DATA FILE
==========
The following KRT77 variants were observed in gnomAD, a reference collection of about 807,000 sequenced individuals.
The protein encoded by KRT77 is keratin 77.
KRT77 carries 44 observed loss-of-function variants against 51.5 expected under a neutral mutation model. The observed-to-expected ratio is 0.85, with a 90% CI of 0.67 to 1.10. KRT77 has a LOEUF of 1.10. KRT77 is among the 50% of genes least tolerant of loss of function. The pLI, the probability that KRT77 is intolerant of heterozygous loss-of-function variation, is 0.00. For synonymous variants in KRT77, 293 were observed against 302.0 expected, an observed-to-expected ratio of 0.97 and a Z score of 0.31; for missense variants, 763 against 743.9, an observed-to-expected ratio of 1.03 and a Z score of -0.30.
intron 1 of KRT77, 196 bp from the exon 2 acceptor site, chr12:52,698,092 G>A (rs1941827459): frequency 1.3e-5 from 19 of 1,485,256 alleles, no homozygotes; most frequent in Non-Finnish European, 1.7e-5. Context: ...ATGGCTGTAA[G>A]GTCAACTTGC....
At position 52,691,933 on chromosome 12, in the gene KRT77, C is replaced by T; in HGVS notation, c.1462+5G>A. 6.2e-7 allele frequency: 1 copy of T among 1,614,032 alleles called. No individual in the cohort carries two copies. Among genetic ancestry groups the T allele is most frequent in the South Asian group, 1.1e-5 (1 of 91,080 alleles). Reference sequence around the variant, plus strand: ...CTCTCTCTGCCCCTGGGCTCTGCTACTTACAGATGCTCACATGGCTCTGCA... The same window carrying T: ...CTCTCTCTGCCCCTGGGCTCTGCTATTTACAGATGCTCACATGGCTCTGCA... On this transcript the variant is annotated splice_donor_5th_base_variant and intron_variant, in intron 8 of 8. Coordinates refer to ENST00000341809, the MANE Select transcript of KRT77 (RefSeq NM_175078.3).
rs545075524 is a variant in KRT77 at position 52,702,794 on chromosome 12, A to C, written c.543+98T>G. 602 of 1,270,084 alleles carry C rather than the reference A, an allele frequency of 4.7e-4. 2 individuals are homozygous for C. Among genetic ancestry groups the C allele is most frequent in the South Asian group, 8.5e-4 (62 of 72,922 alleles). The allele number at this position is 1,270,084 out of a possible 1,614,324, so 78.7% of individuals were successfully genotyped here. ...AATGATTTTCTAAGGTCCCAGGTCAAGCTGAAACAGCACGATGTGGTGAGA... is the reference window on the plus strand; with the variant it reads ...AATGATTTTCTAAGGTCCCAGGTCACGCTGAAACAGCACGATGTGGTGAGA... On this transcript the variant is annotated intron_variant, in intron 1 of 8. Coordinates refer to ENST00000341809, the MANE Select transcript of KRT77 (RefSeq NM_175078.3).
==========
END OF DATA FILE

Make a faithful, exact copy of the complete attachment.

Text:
The following KRT77 variants were observed in gnomAD, a reference collection of about 807,000 sequenced individuals.
The protein encoded by KRT77 is keratin 77.
KRT77 carries 44 observed loss-of-function variants against 51.5 expected under a neutral mutation model. The observed-to-expected ratio is 0.85, with a 90% CI of 0.67 to 1.10. KRT77 has a LOEUF of 1.10. KRT77 is among the 50% of genes least tolerant of loss of function. The pLI, the probability that KRT77 is intolerant of heterozygous loss-of-function variation, is 0.00. For synonymous variants in KRT77, 293 were observed against 302.0 expected, an observed-to-expected ratio of 0.97 and a Z score of 0.31; for missense variants, 763 against 743.9, an observed-to-expected ratio of 1.03 and a Z score of -0.30.
intron 1 of KRT77, 196 bp from the exon 2 acceptor site, chr12:52,698,092 G>A (rs1941827459): frequency 1.3e-5 from 19 of 1,485,256 alleles, no homozygotes; most frequent in Non-Finnish European, 1.7e-5. Context: ...ATGGCTGTAA[G>A]GTCAACTTGC....
At position 52,691,933 on chromosome 12, in the gene KRT77, C is replaced by T; in HGVS notation, c.1462+5G>A. 6.2e-7 allele frequency: 1 copy of T among 1,614,032 alleles called. No individual in the cohort carries two copies. Among genetic ancestry groups the T allele is most frequent in the South Asian group, 1.1e-5 (1 of 91,080 alleles). Reference sequence around the variant, plus strand: ...CTCTCTCTGCCCCTGGGCTCTGCTACTTACAGATGCTCACATGGCTCTGCA... The same window carrying T: ...CTCTCTCTGCCCCTGGGCTCTGCTATTTACAGATGCTCACATGGCTCTGCA... On this transcript the variant is annotated splice_donor_5th_base_variant and intron_variant, in intron 8 of 8. Coordinates refer to ENST00000341809, the MANE Select transcript of KRT77 (RefSeq NM_175078.3).
rs545075524 is a variant in KRT77 at position 52,702,794 on chromosome 12, A to C, written c.543+98T>G. 602 of 1,270,084 alleles carry C rather than the reference A, an allele frequency of 4.7e-4. 2 individuals are homozygous for C. Among genetic ancestry groups the C allele is most frequent in the South Asian group, 8.5e-4 (62 of 72,922 alleles). The allele number at this position is 1,270,084 out of a possible 1,614,324, so 78.7% of individuals were successfully genotyped here. ...AATGATTTTCTAAGGTCCCAGGTCAAGCTGAAACAGCACGATGTGGTGAGA... is the reference window on the plus strand; with the variant it reads ...AATGATTTTCTAAGGTCCCAGGTCACGCTGAAACAGCACGATGTGGTGAGA... On this transcript the variant is annotated intron_variant, in intron 1 of 8. Coordinates refer to ENST00000341809, the MANE Select transcript of KRT77 (RefSeq NM_175078.3).